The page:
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Peripheral Blood MDSCs, IL-10 and IL-12 in Children with Asthma and Their Importance in Asthma Development

  • Yan-Li Zhang ,

    yanlizhang2012@gmail.com

    Affiliation Department of Pediatrics, the Third Affiliated Hospital of Zhengzhou University, Zhengzhou, Henan, China

  • Bin Luan,

    Affiliation Department of Pediatrics, the Third Affiliated Hospital of Zhengzhou University, Zhengzhou, Henan, China

  • Xiu-Fang Wang,

    Affiliation Department of Pediatrics, the Third Affiliated Hospital of Zhengzhou University, Zhengzhou, Henan, China

  • Jun-Ying Qiao,

    Affiliation Department of Pediatrics, the Third Affiliated Hospital of Zhengzhou University, Zhengzhou, Henan, China

  • Li Song,

    Affiliation Department of Pediatrics, the Third Affiliated Hospital of Zhengzhou University, Zhengzhou, Henan, China

  • Rui-Rui Lei,

    Affiliation Department of Pediatrics, the Third Affiliated Hospital of Zhengzhou University, Zhengzhou, Henan, China

  • Wei-Xia Gao,

    Affiliation Department of Pediatrics, the Third Affiliated Hospital of Zhengzhou University, Zhengzhou, Henan, China

  • Ying Liu

    Affiliation Department of Pediatrics, the Third Affiliated Hospital of Zhengzhou University, Zhengzhou, Henan, China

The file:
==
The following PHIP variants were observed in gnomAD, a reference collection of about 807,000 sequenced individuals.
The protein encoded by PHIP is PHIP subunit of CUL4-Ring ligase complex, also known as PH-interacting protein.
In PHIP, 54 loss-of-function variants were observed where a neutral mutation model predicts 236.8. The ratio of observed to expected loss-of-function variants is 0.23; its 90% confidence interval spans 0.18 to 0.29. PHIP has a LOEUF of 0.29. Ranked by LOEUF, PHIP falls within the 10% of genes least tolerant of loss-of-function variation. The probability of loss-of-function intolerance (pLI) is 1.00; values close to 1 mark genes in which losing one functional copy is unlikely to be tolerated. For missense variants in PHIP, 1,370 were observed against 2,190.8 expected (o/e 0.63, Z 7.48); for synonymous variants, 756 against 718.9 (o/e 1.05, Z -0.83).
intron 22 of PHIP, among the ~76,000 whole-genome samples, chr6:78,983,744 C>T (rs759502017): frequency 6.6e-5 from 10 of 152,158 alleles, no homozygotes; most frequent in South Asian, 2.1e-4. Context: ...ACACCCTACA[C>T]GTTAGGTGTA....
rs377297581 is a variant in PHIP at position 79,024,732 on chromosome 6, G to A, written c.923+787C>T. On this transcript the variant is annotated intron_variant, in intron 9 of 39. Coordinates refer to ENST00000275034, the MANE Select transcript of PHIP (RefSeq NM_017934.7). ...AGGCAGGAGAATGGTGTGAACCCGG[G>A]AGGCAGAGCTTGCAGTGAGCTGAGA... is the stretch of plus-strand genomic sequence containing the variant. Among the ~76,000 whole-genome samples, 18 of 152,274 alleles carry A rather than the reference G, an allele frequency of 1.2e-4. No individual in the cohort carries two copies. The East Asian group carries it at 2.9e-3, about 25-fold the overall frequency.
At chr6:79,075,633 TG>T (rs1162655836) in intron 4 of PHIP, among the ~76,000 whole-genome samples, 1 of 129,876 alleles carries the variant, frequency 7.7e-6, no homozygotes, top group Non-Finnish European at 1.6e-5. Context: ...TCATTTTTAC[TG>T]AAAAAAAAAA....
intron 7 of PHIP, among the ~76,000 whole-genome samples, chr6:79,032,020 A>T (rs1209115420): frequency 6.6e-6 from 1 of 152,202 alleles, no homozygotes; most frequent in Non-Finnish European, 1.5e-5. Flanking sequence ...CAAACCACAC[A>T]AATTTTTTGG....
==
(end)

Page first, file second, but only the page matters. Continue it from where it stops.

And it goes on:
Peripheral Blood MDSCs, IL-10 and IL-12 in Children with Asthma and Their Importance in Asthma Development

  • Yan-Li Zhang, 
  • Bin Luan, 
  • Xiu-Fang Wang, 
  • Jun-Ying Qiao, 
  • Li Song, 
  • Rui-Rui Lei, 
  • Wei-Xia Gao, 
  • Ying Liu
PLOS
x

Abstract

Objective

To investigate myeloid-derived suppressor cell (MDSC) accumulation and interleukin 10 (IL-10) and interleukin 12 (IL-12) levels during the onset of asthma in both pediatric patients and mouse models, as well as their possible roles in the development of asthma.

Methods

Peripheral blood samples were gathered from children with asthma attacks (attack group) and alleviated asthma (alleviated group), as well as two control groups, children with pneumonia and healthy children. The pathological characteristics of asthma in asthmatic mice, budesonide-treated asthmatic mice, and normal control mice were also evaluated by immunohistochemistry (IHC) and hematoxylin and eosin (H&E) staining.

Results